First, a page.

Moog Aircraft Group: 3D Printing Helps Production Take Off

Time and cost savings delivered by 3D printing puts aircraft specialist ‘back in control’

A major defence manufacturer has become the latest beneficiary of the huge time and money savings delivered by 3D-printing technology.

Moog Aircraft Group was keen to examine how it produced bespoke co-ordinate measuring machine (CMM) fixtures for each of its machined parts – a process that has traditionally been outsourced to external suppliers, who made them from tool steel.

It identified 3D printing as the best solution and turned to the experts at SYS Systems, part of the Foston-based Carfulan Group and the platinum partner and supplier of world-leading Stratasys products in the UK.

Fortus 380

The Fortus 380 was selected for the job, a system that uses fused deposition modelling (FDM) technology to create parts quickly using high-quality, production-grade thermoplastics.

The machine has helped to cut lead times for CMM fixtures at Moog from more than a month to just hours, eliminated production bottlenecks and reduced costs tenfold.

James Stuart-Young, Manufacturing Engineering Manager (Military Value stream) at the Wolverhampton-based company, said: “The outsourcing process always had a lead time of four to six weeks from drawing release to receipt of a finished fixture.

“Following a cost-versus-benefit analysis, we evaluated ways to produce these fixtures in-house via a cost-effective method that would reduce planned lead times. 3D printing was chosen as the preferred method of manufacture due to the speed of production and low piece-part costs.”

Rob Thompson, Sales Manager at SYS Systems, said: “Engineers from Moog attended an open house at our facility near Derby. As a result of the meeting we offered to print an aircraft valve body, a 30-hour print, simply to show the capabilities of Stratasys Fortus FDM machines.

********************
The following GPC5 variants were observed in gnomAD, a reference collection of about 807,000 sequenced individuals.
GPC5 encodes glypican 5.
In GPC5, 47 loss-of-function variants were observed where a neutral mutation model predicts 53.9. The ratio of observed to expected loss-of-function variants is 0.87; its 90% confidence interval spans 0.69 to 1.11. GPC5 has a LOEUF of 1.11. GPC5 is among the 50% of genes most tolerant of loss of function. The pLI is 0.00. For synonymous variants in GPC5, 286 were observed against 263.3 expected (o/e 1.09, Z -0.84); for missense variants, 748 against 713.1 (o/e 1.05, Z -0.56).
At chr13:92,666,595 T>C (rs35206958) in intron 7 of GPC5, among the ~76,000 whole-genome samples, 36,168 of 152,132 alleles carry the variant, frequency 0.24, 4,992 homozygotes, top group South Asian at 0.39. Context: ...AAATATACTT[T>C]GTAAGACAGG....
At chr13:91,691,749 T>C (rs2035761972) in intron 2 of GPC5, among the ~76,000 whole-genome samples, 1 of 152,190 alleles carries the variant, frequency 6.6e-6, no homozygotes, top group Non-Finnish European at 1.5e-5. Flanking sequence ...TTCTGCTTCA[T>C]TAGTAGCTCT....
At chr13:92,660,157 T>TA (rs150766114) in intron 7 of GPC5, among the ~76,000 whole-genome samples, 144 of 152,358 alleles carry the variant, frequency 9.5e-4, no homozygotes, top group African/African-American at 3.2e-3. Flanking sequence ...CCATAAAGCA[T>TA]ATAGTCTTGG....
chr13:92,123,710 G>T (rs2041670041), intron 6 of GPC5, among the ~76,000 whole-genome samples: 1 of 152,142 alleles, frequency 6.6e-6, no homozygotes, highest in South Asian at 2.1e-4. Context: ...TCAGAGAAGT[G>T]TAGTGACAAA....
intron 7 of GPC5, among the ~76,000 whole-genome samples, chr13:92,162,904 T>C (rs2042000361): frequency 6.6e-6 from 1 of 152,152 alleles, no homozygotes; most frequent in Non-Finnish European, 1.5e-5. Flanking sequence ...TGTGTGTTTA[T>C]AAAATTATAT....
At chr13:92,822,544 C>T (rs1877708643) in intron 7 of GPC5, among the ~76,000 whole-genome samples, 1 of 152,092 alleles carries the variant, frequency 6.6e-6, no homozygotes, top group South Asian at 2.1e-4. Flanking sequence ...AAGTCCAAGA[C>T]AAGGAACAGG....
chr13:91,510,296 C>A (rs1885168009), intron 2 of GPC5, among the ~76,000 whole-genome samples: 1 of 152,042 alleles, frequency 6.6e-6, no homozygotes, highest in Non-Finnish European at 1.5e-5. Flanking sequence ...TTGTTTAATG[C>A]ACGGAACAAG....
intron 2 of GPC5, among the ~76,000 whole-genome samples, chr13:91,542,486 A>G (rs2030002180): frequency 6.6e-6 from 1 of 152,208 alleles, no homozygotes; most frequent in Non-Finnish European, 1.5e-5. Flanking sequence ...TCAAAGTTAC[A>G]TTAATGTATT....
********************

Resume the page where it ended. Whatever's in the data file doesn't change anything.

“Through our 3D-printing knowledge, as well as the CMM expertise of our sister division OGP UK, we were able to help Moog optimise the printing of their fixtures.”

FDM sparked the 3D printing revolution more than 20 years ago, with Stratasys leading the way in developing systems that appeal to large manufacturers, designers, engineers, educators and other professionals.

FDM proves extremely cost-effective when producing hollow and/or honeycomb features, which are commonplace in fixture applications such as the ones required by Moog.

SYS also called upon its extensive in-house expertise to deliver advanced training to the team at Wolverhampton so that the firm could maximise the benefits of the Fortus 380.

Mr Stuart-Young said: “The ability to produce in-house has put us back in control of prioritising production to suit the demands of the customer programme.

“Build times vary due to the range of parts we are printing, but for the CMM fixtures it is approximately 20 hours. Fixtures that have cost us in excess of £2,000 in the past can now be made for a couple of hundred pounds.

“The ability to try a design idea, test it and redesign it accordingly in a matter of hours, rather than weeks, has seen us improve work holding and reduce the occurrence of manual handling damage throughout the production processes.”

Download the Jigs and Fixtures White Paper

 

Share This Page
Ask a question